Academic journal article Journal of the International Academy for Case Studies

Green Enterprises, Inc

Academic journal article Journal of the International Academy for Case Studies

Green Enterprises, Inc

Article excerpt


The primary subject matter of this case concerns strategic planning. Secondary issues include financing, working capital analysis, cash flow estimation, and break-even analysis. In this field-researched case, Toppy Green, the CEO of Green Enterprises is faced with resolving some key questions about the direction of his company's strategy and turning around the company's operation. The company distributes good quality food products and makes profits, but is faced with negative working capital and cash flow difficulties. As the case closes, his advisors have asked him to address several key strategic questions. The case has a difficulty level appropriate for the firs-year graduate level. The case is designed to be taught in 1.5 class hours and is expected to require 4 hours of outside preparation by students.


The case centers on an entrepreneur by the name of Toppy Green, whose business has grown from a single truck food distribution operation into a $6 million food distribution business in the State of North Carolina. After 23 years, the company faces significant growth hurdles in order to achieve nominal profitability with few cash flow difficulties. The company focused on distributing food products such as sandwiches to convenient stores mainly in North Carolina. Toppy's primary goals, in the context of this case, are to achieve better profitability, build a strong balance sheet, and to build the brand name on a limited budget. This case communicates the challenges experienced by an entrepreneur, and provides students with the opportunity to simulate the creation of strategy and implementation in the context of this case.


On a warm and humid day in May of 2004, Toppy Green, the founder, CEO, and principal owner of Green Enterprises, was looking down at the first quarter financial reports that lay on his desk. He had been reviewing recent company data to help him determine the direction that Green Enterprises should pursue. The financial statements reported that although the company enjoyed a better profit in the first quarter, the quarterly revenue had decreased by about 13.2% in 2004. While he recognized that no business could maintain a high growth rate forever, the reality of the decline in company growth would have an impact on the way Green Enterprises would move forward in its business. "Right now our most serious problem is cash flow," said Toppy. "We could have sold more products if we had had more capital. We're often cash-poor because some of our customers pay too slowly. One of our biggest chain customers had recent organizational changes and is paying us slowly. We don't want to push them too much, because we might loose them to our competitors." Toppy had to make decisions concerning accounts payable, staffing, marketing, merchandising, and financing that would ensure his company's long-term profitability.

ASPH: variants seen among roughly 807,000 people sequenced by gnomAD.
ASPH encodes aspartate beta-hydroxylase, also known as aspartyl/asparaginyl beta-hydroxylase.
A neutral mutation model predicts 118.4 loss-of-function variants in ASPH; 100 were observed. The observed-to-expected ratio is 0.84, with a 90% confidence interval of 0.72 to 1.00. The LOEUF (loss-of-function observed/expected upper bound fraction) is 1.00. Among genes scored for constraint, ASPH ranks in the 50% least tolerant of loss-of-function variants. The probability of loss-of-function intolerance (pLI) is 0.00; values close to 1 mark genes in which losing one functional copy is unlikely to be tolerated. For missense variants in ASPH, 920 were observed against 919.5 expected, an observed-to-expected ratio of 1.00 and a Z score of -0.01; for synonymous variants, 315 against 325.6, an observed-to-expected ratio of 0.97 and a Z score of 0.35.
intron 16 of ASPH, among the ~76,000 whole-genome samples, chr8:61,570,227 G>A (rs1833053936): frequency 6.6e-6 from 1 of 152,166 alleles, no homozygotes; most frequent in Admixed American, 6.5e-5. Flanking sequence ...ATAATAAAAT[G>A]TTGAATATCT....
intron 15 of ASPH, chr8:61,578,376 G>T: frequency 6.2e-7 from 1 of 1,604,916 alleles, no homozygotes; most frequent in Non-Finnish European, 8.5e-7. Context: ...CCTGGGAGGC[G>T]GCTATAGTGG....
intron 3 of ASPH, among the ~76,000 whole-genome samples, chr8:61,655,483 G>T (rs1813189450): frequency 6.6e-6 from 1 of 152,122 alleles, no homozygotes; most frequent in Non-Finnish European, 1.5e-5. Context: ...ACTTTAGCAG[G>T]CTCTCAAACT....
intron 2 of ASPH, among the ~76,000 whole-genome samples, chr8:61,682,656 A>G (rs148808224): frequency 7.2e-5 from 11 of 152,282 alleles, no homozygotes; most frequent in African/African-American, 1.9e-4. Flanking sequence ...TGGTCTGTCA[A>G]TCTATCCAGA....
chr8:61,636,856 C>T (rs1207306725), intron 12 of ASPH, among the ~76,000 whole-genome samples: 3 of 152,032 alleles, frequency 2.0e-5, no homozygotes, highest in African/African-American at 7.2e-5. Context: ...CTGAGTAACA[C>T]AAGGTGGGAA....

Green Enterprises, with revenues of more than $6 million in 2003, was a privately held corporation offering a full line of sandwiches, meats, and desserts. The company relied on food manufacturers for his products. A direct store delivery system (DSDS) composed of 12 route people and one branch office delivered food to over 800 customers serving consumers in its primary trade area of North Carolina.

Competing against old established companies in the sandwich category was a challenge. Toppy knew that to be successful he had to be better than the competition, which had advantages of economies of scale, advertising campaigns, and brand name. The company's abilities to satisfy the regional taste preferences of consumers and to move quickly were strengths of the firm.

Toppy turned to his computer and skimmed the memo he had begun to his sales staff. Two of these people had been with the company for over one year. Several of the staff had good experience in the food industry. Through his memo, Toppy hoped to initiate discussion among his team about the future of the company. …

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